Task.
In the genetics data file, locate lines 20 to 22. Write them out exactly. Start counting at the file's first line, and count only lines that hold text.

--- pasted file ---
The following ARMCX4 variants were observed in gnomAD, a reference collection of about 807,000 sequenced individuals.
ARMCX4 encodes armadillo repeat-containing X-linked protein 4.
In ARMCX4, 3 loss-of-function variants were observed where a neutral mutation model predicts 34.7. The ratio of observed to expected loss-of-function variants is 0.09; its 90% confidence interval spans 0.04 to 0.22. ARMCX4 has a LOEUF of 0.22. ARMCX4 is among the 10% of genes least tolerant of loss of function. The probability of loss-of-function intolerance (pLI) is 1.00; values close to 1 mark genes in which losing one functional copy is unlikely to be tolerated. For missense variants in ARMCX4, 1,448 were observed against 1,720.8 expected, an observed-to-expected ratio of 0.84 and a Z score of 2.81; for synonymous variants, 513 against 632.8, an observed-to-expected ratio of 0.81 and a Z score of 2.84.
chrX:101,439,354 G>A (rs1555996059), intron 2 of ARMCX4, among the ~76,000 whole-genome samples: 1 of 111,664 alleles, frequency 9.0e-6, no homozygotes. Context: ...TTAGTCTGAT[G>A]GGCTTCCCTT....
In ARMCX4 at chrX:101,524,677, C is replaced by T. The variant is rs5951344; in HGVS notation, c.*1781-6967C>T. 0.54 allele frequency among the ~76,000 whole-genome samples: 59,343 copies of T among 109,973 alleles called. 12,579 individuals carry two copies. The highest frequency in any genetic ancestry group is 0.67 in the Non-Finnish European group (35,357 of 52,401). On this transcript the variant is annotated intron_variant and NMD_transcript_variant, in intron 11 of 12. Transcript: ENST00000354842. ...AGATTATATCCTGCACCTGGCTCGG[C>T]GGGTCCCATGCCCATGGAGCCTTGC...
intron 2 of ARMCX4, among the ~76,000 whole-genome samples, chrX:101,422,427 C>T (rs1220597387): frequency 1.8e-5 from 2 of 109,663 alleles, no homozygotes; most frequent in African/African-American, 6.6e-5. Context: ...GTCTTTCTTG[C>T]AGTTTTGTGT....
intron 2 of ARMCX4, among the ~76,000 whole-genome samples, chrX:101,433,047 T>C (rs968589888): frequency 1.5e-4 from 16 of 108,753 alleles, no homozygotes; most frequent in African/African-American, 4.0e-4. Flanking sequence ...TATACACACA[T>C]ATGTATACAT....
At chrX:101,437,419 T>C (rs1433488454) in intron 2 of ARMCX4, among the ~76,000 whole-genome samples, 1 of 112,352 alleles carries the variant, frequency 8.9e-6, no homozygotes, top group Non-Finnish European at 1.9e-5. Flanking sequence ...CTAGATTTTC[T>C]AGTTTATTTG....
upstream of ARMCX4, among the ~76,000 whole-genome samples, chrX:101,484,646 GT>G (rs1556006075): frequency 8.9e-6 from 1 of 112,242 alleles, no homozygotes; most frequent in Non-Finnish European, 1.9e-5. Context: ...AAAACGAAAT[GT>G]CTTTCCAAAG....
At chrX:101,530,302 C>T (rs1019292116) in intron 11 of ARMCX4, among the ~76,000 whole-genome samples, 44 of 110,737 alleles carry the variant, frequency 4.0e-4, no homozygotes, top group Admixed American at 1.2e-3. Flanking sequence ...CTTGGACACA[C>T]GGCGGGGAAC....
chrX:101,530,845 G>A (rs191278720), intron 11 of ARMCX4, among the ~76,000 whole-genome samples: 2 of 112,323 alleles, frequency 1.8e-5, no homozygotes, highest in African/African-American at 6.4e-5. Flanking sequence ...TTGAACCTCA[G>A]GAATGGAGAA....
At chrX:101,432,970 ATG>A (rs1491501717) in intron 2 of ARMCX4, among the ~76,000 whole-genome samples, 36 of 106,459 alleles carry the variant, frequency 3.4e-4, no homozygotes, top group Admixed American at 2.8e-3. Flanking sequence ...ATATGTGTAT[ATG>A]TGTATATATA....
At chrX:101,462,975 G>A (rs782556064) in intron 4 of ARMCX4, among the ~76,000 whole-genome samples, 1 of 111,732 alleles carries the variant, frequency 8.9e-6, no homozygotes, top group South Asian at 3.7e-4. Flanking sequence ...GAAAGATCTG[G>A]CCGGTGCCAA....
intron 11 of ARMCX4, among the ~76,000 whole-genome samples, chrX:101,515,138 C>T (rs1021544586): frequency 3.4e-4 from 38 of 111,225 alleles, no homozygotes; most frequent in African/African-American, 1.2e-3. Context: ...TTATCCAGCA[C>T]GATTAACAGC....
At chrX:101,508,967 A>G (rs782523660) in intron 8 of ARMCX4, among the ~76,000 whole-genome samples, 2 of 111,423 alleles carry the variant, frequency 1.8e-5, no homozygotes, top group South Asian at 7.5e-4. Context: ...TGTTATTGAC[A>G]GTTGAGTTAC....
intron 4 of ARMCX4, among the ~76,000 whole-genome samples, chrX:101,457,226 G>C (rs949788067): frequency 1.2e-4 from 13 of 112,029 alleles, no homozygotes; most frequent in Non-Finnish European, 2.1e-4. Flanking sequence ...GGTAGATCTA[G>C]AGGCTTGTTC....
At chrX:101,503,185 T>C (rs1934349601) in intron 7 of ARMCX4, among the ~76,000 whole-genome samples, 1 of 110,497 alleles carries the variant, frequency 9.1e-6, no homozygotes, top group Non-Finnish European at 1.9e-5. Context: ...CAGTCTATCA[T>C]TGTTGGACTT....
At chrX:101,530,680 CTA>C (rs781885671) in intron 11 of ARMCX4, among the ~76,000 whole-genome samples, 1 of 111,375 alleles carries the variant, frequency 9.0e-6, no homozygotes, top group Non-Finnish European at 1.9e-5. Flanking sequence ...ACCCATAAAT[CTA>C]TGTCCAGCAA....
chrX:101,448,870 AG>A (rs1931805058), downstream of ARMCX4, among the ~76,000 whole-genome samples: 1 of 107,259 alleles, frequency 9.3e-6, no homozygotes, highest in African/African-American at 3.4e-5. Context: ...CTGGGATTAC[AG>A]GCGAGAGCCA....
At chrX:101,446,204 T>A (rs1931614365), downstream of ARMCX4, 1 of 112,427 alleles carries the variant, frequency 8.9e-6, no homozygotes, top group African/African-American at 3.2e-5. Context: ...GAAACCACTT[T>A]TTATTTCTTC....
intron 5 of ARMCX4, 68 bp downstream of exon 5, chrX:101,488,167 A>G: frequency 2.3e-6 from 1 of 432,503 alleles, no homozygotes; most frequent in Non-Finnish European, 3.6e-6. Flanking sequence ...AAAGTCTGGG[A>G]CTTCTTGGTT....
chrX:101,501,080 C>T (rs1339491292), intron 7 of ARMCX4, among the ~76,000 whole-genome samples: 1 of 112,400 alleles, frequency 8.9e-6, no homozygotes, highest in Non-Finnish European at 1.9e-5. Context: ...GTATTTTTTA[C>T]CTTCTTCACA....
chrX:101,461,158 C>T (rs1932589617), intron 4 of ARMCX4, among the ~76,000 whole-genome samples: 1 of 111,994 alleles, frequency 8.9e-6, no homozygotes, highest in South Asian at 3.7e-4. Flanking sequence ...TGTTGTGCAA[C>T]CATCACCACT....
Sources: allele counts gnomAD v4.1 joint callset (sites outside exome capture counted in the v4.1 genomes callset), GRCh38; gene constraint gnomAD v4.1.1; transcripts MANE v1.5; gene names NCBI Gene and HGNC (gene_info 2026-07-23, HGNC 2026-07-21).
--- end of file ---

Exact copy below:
At chrX:101,446,204 T>A (rs1931614365), downstream of ARMCX4, 1 of 112,427 alleles carries the variant, frequency 8.9e-6, no homozygotes, top group African/African-American at 3.2e-5. Context: ...GAAACCACTT[T>A]TTATTTCTTC....
intron 5 of ARMCX4, 68 bp downstream of exon 5, chrX:101,488,167 A>G: frequency 2.3e-6 from 1 of 432,503 alleles, no homozygotes; most frequent in Non-Finnish European, 3.6e-6. Flanking sequence ...AAAGTCTGGG[A>G]CTTCTTGGTT....
chrX:101,501,080 C>T (rs1339491292), intron 7 of ARMCX4, among the ~76,000 whole-genome samples: 1 of 112,400 alleles, frequency 8.9e-6, no homozygotes, highest in Non-Finnish European at 1.9e-5. Context: ...GTATTTTTTA[C>T]CTTCTTCACA....